Strength Training for Runners

Running entails patience and endurance. This is why runners need exercises that build their strength.
Whether you’re preparing to jog, run, or walk for the next Very Pink Run, it is wise to take a page out of the runner’s notebook and apply the same type of training to improve your skills and endurance!

What is the best exercise for runners?

Before we actually teach you the exercises, let’s answer a few, frequently asked questions about running and strength training…

How many times a week should a runner do strength training?

Can you run while doing strength training? How many days a week should you do it, then? Most coaches and experts recommend doing it two to three times per week, ideally on the same days that you are running or jogging.

Do I need strength training for running?

Yes, it is recommended that you do some strength training to prep you for running or even long distance walking. Resistance training or strength training is a good way of reducing injuries from running.

Should runners strength train on rest days?

It is recommended that you rest on days that you’re not running, especially if you’re preparing for a marathon or even a long distance walk or jog. If you’re actively following a plan (link to article) it contains active rest days in between.

Strength training exercises for runners

The following exercises can be adapted from beginners to elite. Add one to 2 days of strength training into your running programme.

Calf raises

Start by putting your finger tips on a wall or under a surface like a window-sill or counter top. Rise up onto your toes, keeping your knees straight. Take one second to rise up, hold for a second and one second to lower. Repeat 12 times.

Calf raises for intermediate runners:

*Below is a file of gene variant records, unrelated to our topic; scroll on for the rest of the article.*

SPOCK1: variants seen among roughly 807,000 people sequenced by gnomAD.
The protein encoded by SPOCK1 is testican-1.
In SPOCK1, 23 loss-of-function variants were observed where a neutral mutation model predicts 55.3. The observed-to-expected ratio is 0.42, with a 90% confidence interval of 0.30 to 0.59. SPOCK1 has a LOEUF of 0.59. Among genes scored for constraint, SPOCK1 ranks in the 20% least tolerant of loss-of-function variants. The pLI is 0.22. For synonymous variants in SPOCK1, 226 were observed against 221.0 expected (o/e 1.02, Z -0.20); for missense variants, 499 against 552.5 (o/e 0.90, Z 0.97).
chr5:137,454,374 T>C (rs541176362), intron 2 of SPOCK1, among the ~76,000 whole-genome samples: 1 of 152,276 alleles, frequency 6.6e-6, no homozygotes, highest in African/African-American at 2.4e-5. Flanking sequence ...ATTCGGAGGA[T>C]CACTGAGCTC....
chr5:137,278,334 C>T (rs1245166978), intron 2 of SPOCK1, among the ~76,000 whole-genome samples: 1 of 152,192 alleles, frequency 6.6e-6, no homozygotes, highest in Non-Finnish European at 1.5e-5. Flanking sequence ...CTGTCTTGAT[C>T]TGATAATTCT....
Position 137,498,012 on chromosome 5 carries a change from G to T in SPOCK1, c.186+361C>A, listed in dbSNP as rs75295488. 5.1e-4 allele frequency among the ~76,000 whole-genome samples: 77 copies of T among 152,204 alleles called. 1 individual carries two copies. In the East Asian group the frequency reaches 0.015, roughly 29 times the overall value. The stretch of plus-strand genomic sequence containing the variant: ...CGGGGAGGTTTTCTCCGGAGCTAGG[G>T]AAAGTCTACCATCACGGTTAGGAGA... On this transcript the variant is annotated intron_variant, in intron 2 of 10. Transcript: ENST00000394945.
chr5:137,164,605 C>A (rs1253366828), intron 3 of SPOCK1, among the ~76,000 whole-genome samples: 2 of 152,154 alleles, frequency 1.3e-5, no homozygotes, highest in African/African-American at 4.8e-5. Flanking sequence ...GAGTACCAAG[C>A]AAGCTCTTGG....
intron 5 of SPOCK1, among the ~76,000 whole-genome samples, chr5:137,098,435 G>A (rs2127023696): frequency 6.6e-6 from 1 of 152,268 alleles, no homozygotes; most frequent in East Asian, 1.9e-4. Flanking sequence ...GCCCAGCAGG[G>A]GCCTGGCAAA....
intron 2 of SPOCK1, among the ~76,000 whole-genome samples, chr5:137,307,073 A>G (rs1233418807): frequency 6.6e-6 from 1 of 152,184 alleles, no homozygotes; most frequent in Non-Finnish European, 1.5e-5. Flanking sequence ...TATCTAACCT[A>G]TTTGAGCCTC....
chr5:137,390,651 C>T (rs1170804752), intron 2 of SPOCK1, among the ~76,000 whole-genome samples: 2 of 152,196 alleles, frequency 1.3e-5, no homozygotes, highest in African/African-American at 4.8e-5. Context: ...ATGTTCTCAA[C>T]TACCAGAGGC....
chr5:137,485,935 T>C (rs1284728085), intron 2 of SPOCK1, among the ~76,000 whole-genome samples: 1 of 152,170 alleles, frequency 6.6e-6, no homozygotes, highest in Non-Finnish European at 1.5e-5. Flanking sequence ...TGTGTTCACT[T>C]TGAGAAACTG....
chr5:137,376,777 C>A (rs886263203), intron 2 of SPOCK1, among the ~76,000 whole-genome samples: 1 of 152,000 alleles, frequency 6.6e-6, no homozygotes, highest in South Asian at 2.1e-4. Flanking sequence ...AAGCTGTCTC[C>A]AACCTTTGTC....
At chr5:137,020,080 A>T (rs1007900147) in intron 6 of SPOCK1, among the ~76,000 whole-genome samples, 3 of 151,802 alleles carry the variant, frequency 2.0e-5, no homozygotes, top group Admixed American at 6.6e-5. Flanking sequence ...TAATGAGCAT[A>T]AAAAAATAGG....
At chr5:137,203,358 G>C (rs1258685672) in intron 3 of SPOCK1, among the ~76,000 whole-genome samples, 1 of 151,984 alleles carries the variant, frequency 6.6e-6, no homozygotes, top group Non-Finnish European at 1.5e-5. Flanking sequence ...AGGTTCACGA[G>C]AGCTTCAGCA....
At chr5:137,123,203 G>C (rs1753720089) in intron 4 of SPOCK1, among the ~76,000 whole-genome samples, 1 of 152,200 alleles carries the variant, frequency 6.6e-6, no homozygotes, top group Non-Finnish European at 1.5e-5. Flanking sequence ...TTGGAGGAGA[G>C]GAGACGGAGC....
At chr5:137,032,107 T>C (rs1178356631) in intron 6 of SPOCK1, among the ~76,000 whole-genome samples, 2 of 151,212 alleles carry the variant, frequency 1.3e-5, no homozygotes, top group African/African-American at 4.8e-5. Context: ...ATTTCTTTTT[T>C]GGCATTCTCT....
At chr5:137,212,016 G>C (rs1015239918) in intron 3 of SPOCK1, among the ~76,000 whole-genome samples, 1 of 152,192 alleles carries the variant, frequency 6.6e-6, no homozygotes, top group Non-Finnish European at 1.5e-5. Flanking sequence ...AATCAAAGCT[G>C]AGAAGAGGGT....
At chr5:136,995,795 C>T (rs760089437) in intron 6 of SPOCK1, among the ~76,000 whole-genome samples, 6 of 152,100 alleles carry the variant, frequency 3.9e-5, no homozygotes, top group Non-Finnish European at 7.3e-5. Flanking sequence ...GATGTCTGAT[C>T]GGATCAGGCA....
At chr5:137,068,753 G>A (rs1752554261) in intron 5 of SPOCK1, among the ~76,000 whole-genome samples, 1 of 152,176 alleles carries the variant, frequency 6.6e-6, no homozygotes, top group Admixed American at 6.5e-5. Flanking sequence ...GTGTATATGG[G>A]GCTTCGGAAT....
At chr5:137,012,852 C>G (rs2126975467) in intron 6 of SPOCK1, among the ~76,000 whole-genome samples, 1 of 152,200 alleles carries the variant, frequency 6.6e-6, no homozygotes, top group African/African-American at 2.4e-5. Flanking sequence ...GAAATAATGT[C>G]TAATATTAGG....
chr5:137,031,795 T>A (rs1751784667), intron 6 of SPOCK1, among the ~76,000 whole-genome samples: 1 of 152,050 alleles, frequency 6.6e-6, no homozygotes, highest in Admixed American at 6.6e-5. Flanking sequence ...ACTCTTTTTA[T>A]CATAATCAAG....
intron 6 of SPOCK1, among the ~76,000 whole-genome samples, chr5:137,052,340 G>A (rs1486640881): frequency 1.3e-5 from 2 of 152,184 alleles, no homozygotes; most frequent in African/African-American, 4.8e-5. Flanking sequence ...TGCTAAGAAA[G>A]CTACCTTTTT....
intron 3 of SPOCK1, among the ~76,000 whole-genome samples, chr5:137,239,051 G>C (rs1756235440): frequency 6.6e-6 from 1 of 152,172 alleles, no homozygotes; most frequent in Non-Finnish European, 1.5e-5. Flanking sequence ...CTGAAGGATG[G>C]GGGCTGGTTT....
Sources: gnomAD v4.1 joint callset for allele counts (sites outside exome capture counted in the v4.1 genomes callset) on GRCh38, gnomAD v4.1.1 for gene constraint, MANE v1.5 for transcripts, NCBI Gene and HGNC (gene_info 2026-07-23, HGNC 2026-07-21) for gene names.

1. The same exercise can be carried out by standing on a step with your toes on the step and your heels over the edge. Rise up onto your toes, now as you lower down you let your heels drop over the edge of the step. This creates a larger range of motion.

2. Complete 3 rounds of 12 with a 2 minute recovery in between.

3. To progress the exercise, add weight. This can be as simple as putting a backpack with some kilo bags of sugar or flour into it, on your back as you carry out the exercise.


This exercise is for the quadriceps (thighs), gluteals (buttocks) and calves.

Start by standing with your two feet together. Take a large step forward to create a large stride.

Make sure your back heel is off the floor and you are on your toes. Your front foot should be flat on the floor. Both your feet should be pointing forward. Now bend both knees. The aim is to send your back knee straight down towards the floor. Your front knee will be bent and in line with your front foot. Hold for one second. Now straighten both knees. Repeat the proscribed number of times.

Lunges for beginners:

1. Use a wall or chair on one side for support. Do not bend knees completely to touch the floor i.e. do a half lunge.

2. Complete 3 rounds of 12 on each leg. With a 2-3 minute break between.

Lunges for advanced runners:

1. It would be the same exercise for beginners, but add some weight.

2. The weight can either be a backpack worn on the back with kilos of sugar or flour or a number of books.

3. Alternatively, you can hold shopping bags in both hands with kilos of flour or sugar. This will work on your balance too.

Sit to stand or squat

This exercise is for the quadriceps (front of thighs) and glutes or buttocks.